True, however if the intended target for the persecution is Jews, even if the intended group is Jews + others, it is antisemitism. Criticism of Judaism is not antisemitism, however hating all Jews is.--Sefringle 05:06, 2 June 2007 (UTC)
Having prejudice against Judaism is considered antisemitism - atleast by Lewis, Chanes, Rosenblatt and Pinson. Yet they are not talking about tolerance at all.Bless sins 03:53, 3 June 2007 (UTC)
Am too. The section is about tolerence. It is saying muslims are not antisemitic, thus they are tolerent of Jews.--Sefringle 19:45, 3 June 2007 (UTC)
That is false. None of the scholars have said anything about "tolerance".Bless sins 21:35, 3 June 2007 (UTC)

This is simple definition. Either you are tolerant or you are intolerent. Since they are arguing not intolerent, they are arguing tolerent.--Sefringle 01:48, 4 June 2007 (UTC)

No there is also neutral or indifferent. I have clearly stated many times: the authors of this have said nothing about tolerance. Bless sins 02:51, 4 June 2007 (UTC)
this passage certianly is not describing Neutral or indifferent.--Sefringle 22:22, 4 June 2007 (UTC)
  • i think both titles (i.e. "Attacks on Jews" and "Tolerance for Jews") are unnecessarily skewed. perhaps a good idea would be to merge everything together under a primary heading of `Judaism/Jews in Islamic thought` or something like that - which can then be re-sectioned into appropriate subdivisions such as 'primary texts', 'jurisprudence', and anything else addressed by academics within the scope of the article topic. ITAQALLAH 18:09, 5 June 2007 (UTC)

Edit 3'

Change: Moving Uri Rubin and Tahir Abbas section to tolerence section

Reason: It is more relevant to have all the similar views together. This discusses tolerence.--Sefringle 03:10, 20 May 2007 (UTC)

No Abbas' and Rubin's views are a counter argument to those who say the Quran attacks Jews. Neither Rubin's statement nor Abbas' statement (that I put in "Attacks on Jews" section) have said anything about the Quran encouraging Muslim to show tolerance towards Jews.Bless sins 17:46, 21 May 2007 (UTC)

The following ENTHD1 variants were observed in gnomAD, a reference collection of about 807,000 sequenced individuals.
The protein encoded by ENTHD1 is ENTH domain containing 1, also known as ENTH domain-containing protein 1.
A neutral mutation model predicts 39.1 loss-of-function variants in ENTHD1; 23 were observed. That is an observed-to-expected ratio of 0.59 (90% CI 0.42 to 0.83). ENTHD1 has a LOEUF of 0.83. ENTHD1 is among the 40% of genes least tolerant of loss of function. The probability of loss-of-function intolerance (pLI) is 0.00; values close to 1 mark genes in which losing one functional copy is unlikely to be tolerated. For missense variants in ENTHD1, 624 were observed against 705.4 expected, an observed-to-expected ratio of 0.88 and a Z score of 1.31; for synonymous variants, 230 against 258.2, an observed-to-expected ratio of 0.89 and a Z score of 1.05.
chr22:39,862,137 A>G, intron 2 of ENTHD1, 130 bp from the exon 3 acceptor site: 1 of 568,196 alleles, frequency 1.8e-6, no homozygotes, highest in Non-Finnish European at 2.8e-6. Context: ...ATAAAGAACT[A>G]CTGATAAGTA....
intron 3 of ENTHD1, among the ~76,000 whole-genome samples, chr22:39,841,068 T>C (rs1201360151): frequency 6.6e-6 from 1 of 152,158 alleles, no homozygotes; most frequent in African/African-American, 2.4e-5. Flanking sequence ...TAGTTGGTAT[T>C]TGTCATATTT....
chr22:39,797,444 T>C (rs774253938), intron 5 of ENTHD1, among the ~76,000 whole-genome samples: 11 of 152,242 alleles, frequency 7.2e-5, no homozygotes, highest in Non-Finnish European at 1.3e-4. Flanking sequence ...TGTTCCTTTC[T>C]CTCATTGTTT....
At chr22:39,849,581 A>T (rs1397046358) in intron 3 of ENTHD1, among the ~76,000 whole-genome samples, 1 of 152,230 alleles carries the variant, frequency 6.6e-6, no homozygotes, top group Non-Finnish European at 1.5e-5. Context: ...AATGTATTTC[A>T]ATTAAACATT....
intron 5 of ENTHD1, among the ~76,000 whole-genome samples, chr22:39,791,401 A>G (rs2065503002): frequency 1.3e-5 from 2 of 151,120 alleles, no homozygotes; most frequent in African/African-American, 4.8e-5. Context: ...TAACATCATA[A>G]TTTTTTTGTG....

Counter arguements belong in the tolerence section, as that is where the rebuddles are. As their comments are not acutally saying that they believe the quran attacks Jews, but are actually trying to prove the opposite, their views belong in the tolerence section.--Sefringle 03:48, 22 May 2007 (UTC)
Again the counter-arguments have nothing to do with tolerance. Neither Rubin nor Abbas, in thier counter arguments, say anything about tolerating Jews. They only say that criticsim/attacks can be interpreted differently. Form what I see here, you think that everyhting that is not your POV should go in the "tolerance" section.Bless sins 00:34, 23 May 2007 (UTC)
They most ceritanly are related to tolerence. Saying the quran is antisemitic means saying the quran calls for intolerence to Jews. Thus a rebuddle is saying the quran is not antisemitic, or is tolerent of Jews. This is simple difinition. What I am saying is anything that calls for positive treatment of Jews belongs in the tolerence section, because that is the definition of tolerence.--Sefringle 03:25, 23 May 2007 (UTC)
The quotes of Rubin and Abbas concerned are not asserting that Islam encourages positive treatment of Jews. Rahter the quotes are suggesting that Islamic criticism of Jews is not against all Jews, but only the sinners/violaters of Judaism. They are simply not talking about tolerance.Bless sins 05:29, 27 May 2007 (UTC)
They certianly are not attacking Jews, thus it is more relevant in the tolerence section. See my above comment.--Sefringle 04:42, 28 May 2007 (UTC)
You have made tens of comments above. Be specific. The comments of Rubin and Abbas are regarding the allegations that the Quran attacks/criticizes the Jews. In any case they are in a seperate sub-section (according to my edits).Bless sins 01:22, 29 May 2007 (UTC)
I meant the comment right above my most recent one, thus the one dated 03:25, 23 May 2007 (UTC).--Sefringle 00:02, 31 May 2007 (UTC)

Edit 4'

Change: restoring "Muslim beliefs that certain Jews were transformed into apes and pigs" section

Reason: Very relevant to this topic, part of the qur'an, pretty well sourced to secondary scholarly sources. It is not already covered in the attacks on Jews section, as that section mentions nothing about Jews being "apes and pigs."--Sefringle 03:10, 20 May 2007 (UTC)

There aren't really proper sources for this section. In any case, it seems like another "Attack on Jews", and that's where it belongs. The section did mention something about the Jews being Apes and pigs, until you reverted my edits.Bless sins 17:46, 21 May 2007 (UTC)
In any case, for the sake of compromise I have left the section, but have moved Arab sermons down to the section on "Arab sermons". See "Edit summaries" for my reason why.Bless sins 20:25, 21 May 2007 (UTC)
See below.--Sefringle 03:50, 22 May 2007 (UTC)

Edit 5'

Change: keep the relevant quranic verses mentioned showing, outside of <ref></ref> system